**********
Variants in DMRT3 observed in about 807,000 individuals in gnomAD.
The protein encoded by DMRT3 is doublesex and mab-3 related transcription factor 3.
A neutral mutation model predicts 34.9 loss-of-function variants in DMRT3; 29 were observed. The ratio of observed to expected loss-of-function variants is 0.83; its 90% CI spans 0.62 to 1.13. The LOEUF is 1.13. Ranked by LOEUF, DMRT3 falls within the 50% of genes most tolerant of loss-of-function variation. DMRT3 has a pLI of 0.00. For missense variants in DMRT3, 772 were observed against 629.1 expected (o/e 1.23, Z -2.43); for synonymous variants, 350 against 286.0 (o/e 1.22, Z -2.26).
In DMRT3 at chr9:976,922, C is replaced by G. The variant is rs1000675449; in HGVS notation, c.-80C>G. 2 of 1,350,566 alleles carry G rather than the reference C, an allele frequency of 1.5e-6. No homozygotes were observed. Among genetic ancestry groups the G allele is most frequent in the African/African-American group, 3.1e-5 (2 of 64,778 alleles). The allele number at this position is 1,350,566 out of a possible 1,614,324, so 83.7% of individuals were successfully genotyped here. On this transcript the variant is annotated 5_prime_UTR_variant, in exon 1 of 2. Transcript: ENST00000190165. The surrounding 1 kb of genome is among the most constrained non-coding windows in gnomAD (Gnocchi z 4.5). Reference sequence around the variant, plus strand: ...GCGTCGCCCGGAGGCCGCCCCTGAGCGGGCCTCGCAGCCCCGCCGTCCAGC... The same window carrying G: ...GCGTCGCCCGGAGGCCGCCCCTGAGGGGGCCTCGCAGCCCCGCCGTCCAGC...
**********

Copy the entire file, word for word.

Variants in DMRT3 observed in about 807,000 individuals in gnomAD.
The protein encoded by DMRT3 is doublesex and mab-3 related transcription factor 3.
A neutral mutation model predicts 34.9 loss-of-function variants in DMRT3; 29 were observed. The ratio of observed to expected loss-of-function variants is 0.83; its 90% CI spans 0.62 to 1.13. The LOEUF is 1.13. Ranked by LOEUF, DMRT3 falls within the 50% of genes most tolerant of loss-of-function variation. DMRT3 has a pLI of 0.00. For missense variants in DMRT3, 772 were observed against 629.1 expected (o/e 1.23, Z -2.43); for synonymous variants, 350 against 286.0 (o/e 1.22, Z -2.26).
In DMRT3 at chr9:976,922, C is replaced by G. The variant is rs1000675449; in HGVS notation, c.-80C>G. 2 of 1,350,566 alleles carry G rather than the reference C, an allele frequency of 1.5e-6. No homozygotes were observed. Among genetic ancestry groups the G allele is most frequent in the African/African-American group, 3.1e-5 (2 of 64,778 alleles). The allele number at this position is 1,350,566 out of a possible 1,614,324, so 83.7% of individuals were successfully genotyped here. On this transcript the variant is annotated 5_prime_UTR_variant, in exon 1 of 2. Transcript: ENST00000190165. The surrounding 1 kb of genome is among the most constrained non-coding windows in gnomAD (Gnocchi z 4.5). Reference sequence around the variant, plus strand: ...GCGTCGCCCGGAGGCCGCCCCTGAGCGGGCCTCGCAGCCCCGCCGTCCAGC... The same window carrying G: ...GCGTCGCCCGGAGGCCGCCCCTGAGGGGGCCTCGCAGCCCCGCCGTCCAGC...